The Finn said: "It was sub-optimal, I would say. It's a shame because the car felt good and the speed was there, it just didn't end up that way. We expected it to be super close with Ferrari, but they have a bit of a margin and pole position was out of reach.

"But it's a long day Sunday and starting from the second row still leaves opportunities. We've seen on the first lap that many things can happen."


Going back to last season, Mercedes have won 10 consecutive grands prix, Hamilton claiming eight of those.

Ferrari would have triumphed in Bahrain had an engine issue not denied Leclerc towards the end of a race he had dominated from pole, while the luckless Vettel, who suffered more woe in qualifying, controversially came second in Canada despite reaching the chequered flag first.

If the 21-year-old Leclerc, who sounded confident, can convert his second career pole to victory, he will provide enormous relief to the Scuderia's faithful supporters, as well as becoming the third-youngest driver to claim a race win.

"We have been competitive since we made some changes for FP2 but it is always difficult to do the lap in Q3, so I'm extremely happy," said Leclerc.

"On Friday the race pace didn't look bad compared to Mercedes but also Red Bull, so we are pretty happy. The pace itself looks promising. The start will be very important. Normally we are quite fast on the straights so hopefully we can keep first position in the first three corners."


Strategy is another key area to watch, given Leclerc will start on the quicker soft tyre, while Verstappen, Bottas and Hamilton are all on the slightly slower but more durable medium behind him in a race where either one or two pit stops could be used.

Hamilton said: "A one and two-stop is very close and how you work them, with safety cars and all those different things, will be interesting.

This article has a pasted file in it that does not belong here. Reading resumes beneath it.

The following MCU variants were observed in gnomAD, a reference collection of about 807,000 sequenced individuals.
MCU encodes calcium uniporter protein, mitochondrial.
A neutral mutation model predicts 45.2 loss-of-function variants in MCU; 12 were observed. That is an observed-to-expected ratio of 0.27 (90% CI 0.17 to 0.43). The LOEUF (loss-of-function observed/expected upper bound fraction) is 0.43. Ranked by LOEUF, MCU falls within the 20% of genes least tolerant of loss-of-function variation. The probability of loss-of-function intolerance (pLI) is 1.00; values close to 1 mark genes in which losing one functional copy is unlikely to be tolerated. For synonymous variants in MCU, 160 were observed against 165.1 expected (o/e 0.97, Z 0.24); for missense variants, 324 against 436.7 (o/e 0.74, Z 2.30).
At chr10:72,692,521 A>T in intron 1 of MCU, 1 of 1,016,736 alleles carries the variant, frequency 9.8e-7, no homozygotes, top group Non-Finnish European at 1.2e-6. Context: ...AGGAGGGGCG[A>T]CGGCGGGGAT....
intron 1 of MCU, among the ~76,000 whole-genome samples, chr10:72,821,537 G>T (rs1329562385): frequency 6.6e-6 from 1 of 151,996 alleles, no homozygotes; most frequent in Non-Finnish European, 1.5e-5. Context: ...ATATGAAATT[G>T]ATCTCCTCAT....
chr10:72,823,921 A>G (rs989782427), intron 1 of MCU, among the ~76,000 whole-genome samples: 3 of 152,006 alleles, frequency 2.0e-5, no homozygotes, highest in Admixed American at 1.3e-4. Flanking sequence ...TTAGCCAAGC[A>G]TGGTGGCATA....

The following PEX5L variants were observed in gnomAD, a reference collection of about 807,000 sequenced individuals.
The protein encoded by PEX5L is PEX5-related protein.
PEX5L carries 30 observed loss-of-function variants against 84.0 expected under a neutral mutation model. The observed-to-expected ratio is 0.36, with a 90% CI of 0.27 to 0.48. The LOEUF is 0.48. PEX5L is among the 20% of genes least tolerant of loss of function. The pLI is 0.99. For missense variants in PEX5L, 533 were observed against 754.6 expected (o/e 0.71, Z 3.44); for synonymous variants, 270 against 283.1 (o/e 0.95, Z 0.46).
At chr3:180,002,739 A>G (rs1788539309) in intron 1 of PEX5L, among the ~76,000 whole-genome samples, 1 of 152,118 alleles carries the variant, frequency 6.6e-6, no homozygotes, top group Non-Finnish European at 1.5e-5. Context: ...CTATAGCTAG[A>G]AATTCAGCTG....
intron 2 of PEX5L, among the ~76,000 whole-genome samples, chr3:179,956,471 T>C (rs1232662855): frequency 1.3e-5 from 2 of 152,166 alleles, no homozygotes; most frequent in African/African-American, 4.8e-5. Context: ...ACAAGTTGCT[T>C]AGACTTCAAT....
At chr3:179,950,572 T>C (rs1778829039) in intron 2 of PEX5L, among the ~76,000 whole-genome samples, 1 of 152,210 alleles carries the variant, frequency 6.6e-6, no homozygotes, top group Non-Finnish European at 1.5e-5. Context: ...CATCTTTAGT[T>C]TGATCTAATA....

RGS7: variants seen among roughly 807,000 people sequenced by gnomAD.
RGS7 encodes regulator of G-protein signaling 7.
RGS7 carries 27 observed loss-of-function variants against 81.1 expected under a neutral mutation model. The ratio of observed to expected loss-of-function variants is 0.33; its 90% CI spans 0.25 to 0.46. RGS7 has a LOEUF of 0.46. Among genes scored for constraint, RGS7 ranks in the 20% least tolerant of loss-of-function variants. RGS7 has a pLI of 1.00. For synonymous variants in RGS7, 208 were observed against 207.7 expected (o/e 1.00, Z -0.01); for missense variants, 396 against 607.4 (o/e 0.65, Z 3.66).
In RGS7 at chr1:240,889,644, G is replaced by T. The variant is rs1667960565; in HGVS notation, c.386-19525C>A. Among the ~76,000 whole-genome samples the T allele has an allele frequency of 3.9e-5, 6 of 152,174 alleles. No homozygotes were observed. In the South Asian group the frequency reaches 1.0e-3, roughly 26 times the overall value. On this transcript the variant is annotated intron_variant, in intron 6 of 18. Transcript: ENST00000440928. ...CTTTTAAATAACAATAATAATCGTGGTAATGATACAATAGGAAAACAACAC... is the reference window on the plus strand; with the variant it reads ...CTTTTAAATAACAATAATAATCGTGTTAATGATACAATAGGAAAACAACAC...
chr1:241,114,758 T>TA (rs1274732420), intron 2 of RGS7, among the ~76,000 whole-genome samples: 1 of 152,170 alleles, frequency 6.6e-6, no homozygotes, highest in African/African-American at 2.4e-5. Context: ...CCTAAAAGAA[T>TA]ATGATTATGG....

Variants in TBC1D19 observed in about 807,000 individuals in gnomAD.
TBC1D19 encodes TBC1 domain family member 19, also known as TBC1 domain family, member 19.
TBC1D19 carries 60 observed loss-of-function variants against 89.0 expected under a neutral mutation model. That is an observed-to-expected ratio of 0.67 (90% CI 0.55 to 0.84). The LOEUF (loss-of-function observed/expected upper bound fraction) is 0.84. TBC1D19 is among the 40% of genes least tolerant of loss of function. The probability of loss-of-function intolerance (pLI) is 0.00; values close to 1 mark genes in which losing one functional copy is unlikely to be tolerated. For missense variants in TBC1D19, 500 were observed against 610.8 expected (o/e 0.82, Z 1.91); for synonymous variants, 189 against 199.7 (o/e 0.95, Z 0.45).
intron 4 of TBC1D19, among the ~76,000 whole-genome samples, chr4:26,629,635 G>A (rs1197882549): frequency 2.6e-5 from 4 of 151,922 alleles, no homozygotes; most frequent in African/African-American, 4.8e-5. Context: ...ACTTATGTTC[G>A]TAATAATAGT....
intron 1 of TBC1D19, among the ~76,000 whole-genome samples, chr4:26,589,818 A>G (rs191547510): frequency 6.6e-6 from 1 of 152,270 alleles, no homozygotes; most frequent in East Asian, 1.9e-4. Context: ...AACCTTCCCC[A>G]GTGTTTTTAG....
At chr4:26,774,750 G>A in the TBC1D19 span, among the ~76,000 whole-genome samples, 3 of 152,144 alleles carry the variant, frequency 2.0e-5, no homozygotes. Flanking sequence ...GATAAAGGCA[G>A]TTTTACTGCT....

"If they start on that tyre, I tend to think they are going for a two-stop unless that tyre goes longer than we anticipate. Hopefully we will be able to go longer."

But Leclerc insisted: "On what we tested and analysed in FP2 we're happy with the tyre choices we've made in our strategy. It is different to Red Bull and Mercedes – but only Sunday will tell who was right."


1. Charles Leclerc (Ferrari)
2. Max Verstappen (Red Bull) 
3. Valtteri Bottas (Mercedes)
4. Lewis Hamilton (Mercedes)
5. Lando Norris (McLaren)
6. Kimi Raikkonen (Alfa Romeo)
7. Antonio Giovinazzi (Alfa Romeo)
8. Pierre Gasly (Red Bull)
9. Sebastian Vettel (Ferrari)
10. Kevin Magnussen (Haas)


2018: Max Verstappen
2017: Valtteri Bottas
2016: Lewis Hamilton
2015: Nico Rosberg


1. Lewis Hamilton (Mercedes) 187
2. Valtteri Bottas (Mercedes) 151 (-36)
3. Sebastian Vettel (Ferrari) 111 (-76)
4. Max Verstappen (Red Bull) 100 (-87)
5. Charles Leclerc (Ferrari) 87 (-100)


1. Mercedes 338
2. Ferrari 198 (-140)
3. Red Bull 137 (-201)
4. McLaren 40 (-298)
5. Renault 32 (-306)


Spielberg is expected to see hot temperatures, dry conditions and gusts of winds during Sunday's race.

Leclerc said: "It's going to be very difficult, physically, first, because it's very, very warm, but also for the car, so it will be all about management of everything."